Yehi ratzon milfanecha adonay elohay sheyehai eisek zeh li l’refuah ki rofeh chinam atah.


This text of Jewish prayers for the sick has the following meaning: We ask Hashem that this specific undertaking should heal us, since Hashem heals for free. That means that Hashem can heal even without any medical intervention.

We further express this belief once we are actually healed. When a treatment is successful and a sick patient recovers, there is another text of Jewish prayers for the sick to recite, that is simply three words: “Baruch Rofeh Cholim,” Blessed is the One Who heals the sick. Saying these words upon the success of a treatment affirms our belief that Hashem is the Source of healing, not the treatment.

Reciting Jewish prayers for the sick and remembering that Hashem is in charge of healing is a crucial step in Jewish healing.

Jewish Rituals for Healing

Although Jewish tradition emphasizes medical treatment, there are many segulos, or Jewish rituals for healing, that people have successfully used to gain health. You can find information on general segulos for refuah and Jewish rituals for healing here.


After beginning medical treatment and reinforcing your faith through Jewish prayers for the sick, Jewish tradition advises a sick patient to go to a tzaddik (holy person) for a bracha (blessing). Very often, the tzaddik will offer specific recommendations for healing.


These types of recommendations are individualized instructions detailing what kind of Jewish rituals for healing are best for the specific condition that a person suffers from. Some of them may seem mystical. The rituals may include using havdalah wine on dermatological conditions, saying a specific prayer, or being extra-careful to eat Melava Malka (meal that is eaten to accompany the departure of the Shabbat on Saturday night). Because these Jewish rituals for healing are individual, it’s best to undertake something specific with a tzaddik’s explicit instructions.

Resources for Sick Patients

Aside from knowing that you can rely on Hashem for the ultimate healing, there are more resources that you can tap into as a Jewish sick patient. These include many Jewish organizations that work to help Jewish patients in whatever way they possibly can.


Some organizations are medical referral agencies, helping Jewish people find the right doctors and treatments for their conditions. There are other organizations that help arrange transportation to the hospital, places to stay close by, and provide food for family members. Lending hospital equipment, helping family members keep in touch, providing entertainment for bedridden patients, the gamut of services which organizations deliver is truly astounding.


You can find out about local volunteer groups in your hometown, which often send Kosher food packages to the sick, or visitors to cheer up sick patients.


Because caring for the sick is such an important Jewish value, you never have to feel alone when you are ill. There are so many Jewish resources to take advantage of that will help you feel cared for.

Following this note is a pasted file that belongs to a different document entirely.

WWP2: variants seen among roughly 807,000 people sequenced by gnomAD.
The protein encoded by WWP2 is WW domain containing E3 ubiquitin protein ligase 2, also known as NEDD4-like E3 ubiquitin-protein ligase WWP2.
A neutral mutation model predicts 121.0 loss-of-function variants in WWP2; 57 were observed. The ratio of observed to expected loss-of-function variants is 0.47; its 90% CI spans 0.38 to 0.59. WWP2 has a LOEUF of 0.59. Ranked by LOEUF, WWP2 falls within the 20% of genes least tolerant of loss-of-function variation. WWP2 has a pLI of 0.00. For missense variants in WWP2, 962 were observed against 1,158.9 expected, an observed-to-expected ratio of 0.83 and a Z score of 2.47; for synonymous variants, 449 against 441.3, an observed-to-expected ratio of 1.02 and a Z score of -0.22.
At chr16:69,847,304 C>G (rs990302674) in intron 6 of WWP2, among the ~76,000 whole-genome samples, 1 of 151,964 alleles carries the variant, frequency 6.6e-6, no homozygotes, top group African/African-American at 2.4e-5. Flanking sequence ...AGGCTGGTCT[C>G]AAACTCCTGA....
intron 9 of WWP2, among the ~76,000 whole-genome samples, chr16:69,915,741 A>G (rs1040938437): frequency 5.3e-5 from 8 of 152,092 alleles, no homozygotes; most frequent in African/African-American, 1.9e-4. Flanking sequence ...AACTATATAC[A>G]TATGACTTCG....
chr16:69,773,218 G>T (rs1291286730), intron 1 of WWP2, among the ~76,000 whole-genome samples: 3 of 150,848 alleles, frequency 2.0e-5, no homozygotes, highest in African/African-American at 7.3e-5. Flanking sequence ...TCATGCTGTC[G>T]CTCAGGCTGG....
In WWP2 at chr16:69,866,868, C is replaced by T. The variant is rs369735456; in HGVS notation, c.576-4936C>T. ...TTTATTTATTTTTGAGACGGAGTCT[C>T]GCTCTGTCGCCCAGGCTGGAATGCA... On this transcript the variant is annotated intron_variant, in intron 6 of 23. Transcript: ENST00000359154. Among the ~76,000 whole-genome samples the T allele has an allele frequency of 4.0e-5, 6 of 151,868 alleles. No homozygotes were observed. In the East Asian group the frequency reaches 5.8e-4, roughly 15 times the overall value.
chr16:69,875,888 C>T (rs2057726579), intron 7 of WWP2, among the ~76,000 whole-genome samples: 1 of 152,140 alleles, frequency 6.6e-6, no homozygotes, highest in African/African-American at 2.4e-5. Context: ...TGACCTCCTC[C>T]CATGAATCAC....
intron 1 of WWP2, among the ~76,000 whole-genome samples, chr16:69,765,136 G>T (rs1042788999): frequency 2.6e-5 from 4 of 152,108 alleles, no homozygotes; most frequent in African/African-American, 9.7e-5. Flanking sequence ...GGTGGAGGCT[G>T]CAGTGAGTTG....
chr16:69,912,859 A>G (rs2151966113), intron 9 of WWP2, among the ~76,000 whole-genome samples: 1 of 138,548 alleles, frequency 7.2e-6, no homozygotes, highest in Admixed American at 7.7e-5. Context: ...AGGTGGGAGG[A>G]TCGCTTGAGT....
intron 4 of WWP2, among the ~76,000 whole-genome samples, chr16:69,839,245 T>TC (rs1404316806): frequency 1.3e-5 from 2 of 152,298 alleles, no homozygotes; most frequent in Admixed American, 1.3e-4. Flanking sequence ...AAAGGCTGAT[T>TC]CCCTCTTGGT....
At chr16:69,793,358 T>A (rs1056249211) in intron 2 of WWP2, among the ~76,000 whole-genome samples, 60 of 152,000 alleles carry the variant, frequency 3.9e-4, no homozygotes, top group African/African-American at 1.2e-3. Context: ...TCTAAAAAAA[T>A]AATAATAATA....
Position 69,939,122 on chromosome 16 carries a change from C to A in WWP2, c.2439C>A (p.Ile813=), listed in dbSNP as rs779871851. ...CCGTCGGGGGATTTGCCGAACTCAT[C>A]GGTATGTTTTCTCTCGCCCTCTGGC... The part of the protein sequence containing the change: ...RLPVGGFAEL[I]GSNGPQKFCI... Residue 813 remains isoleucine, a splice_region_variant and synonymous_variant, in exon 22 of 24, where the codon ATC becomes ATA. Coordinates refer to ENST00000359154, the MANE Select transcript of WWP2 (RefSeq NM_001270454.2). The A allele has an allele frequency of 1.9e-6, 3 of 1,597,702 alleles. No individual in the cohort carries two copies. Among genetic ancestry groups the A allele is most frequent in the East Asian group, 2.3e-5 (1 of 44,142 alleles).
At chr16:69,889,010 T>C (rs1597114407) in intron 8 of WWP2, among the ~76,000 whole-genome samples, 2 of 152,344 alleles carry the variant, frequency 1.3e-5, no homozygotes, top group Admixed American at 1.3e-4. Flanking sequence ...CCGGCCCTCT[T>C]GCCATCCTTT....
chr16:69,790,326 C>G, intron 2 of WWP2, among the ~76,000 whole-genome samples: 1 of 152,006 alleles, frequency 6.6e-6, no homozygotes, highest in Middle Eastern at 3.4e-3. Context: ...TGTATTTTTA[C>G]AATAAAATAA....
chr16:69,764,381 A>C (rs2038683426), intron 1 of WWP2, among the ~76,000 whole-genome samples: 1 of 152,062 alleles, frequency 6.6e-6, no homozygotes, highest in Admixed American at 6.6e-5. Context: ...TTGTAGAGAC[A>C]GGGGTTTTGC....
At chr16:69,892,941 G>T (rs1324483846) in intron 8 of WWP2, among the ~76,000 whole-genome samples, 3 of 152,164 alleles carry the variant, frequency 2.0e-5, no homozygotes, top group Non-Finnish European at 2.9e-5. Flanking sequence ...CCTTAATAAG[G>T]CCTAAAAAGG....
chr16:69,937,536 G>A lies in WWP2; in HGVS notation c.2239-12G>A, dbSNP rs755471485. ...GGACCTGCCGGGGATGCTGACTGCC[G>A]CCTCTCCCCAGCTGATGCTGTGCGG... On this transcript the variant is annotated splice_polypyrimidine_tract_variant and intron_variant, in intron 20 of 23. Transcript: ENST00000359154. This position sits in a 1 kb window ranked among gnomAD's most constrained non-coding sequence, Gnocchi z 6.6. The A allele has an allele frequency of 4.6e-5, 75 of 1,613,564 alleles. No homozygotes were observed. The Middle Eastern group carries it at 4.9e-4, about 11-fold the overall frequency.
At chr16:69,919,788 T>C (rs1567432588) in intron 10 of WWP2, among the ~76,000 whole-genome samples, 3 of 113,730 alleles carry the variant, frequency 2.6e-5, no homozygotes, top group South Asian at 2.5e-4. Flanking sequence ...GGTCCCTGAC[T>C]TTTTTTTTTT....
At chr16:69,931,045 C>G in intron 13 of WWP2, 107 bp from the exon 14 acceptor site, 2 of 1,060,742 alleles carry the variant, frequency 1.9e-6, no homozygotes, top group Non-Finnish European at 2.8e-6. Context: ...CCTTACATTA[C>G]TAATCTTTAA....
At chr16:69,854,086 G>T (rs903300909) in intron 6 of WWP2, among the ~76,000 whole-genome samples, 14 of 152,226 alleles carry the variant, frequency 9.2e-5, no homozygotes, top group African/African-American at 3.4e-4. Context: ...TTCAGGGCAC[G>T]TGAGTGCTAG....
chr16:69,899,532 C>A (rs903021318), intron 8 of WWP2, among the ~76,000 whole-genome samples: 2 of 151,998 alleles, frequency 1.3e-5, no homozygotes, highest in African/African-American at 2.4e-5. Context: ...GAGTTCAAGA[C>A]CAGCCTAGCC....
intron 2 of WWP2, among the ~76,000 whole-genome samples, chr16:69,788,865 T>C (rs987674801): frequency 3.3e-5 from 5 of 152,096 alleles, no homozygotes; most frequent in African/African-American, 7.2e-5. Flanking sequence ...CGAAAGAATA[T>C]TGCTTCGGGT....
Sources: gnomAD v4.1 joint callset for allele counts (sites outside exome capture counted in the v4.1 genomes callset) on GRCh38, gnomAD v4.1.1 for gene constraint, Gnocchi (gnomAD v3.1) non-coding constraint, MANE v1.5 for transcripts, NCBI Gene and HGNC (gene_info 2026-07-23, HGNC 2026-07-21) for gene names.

Visiting the Sick in Judaism

There’s another unique aspect to Jewish healing for the sick – a special mitzvah that applies only to the sick, and that is the mitzvah of Bikur Cholim (visiting the sick).


The Talmud tells us that every act of Bikur Cholim takes away one-sixtieth of the illness. Visitors actually improve the sick patient’s health. Properly fulfilling the mitzvah of Bikur Cholim includes reciting Jewish prayers for the sick, or any prayers for healing, at the patient’s bedside, which serves as a further merit to take away illness.


When a sick patient gets visitors, it shows their medical team that this patient is someone people care about, which automatically inspires the medical staff to feel more dedicated to the patient’s care. It also can do wonders for the patient’s psychological wellbeing when their family and friends appear in person to show support.


Despite all of these benefits of having visitors, a sick person may just not feel up to having others visit. That doesn’t mean they have to lose out on the benefits of Bikur Cholim. You can ask those who wish to visit to call instead, which is also a fulfillment of the mitzvah.


If someone doesn’t have the energy to speak on the phone, they can request that potential visitors simply pray for you at home. This too, is considered an act of Bikur Cholim, and contributes to Jewish healing for the sick.


Because visiting the sick in Judaism is considered such a great mitzvah, fulfilling it is a powerful source of merit. Although when someone is actually sick themselves, they probably won’t be able to go visit other sick people, there’s another way to get the benefits of the mitzvah of Bikur Cholim.


RMBH Charities has a dedicated program that helps sick patients through sending visitors and care packages to vulnerable patients. This program has hundreds of active volunteers and provides thousands of food packages yearly. Contributing to this program means partnering with people who fulfill the mitzvah of Bikur Cholim by truly lifting the patient’s spirits.


You can have a part in the merit of this mitzvah by donating to the Bikur Cholim program of Rebbe Meir Baal Haness. By helping others even when you are sick, you become worthy of the great blessing of health, and will hopefully merit a refuah sheleima (complete recovery).

Read More about Health & Refuah: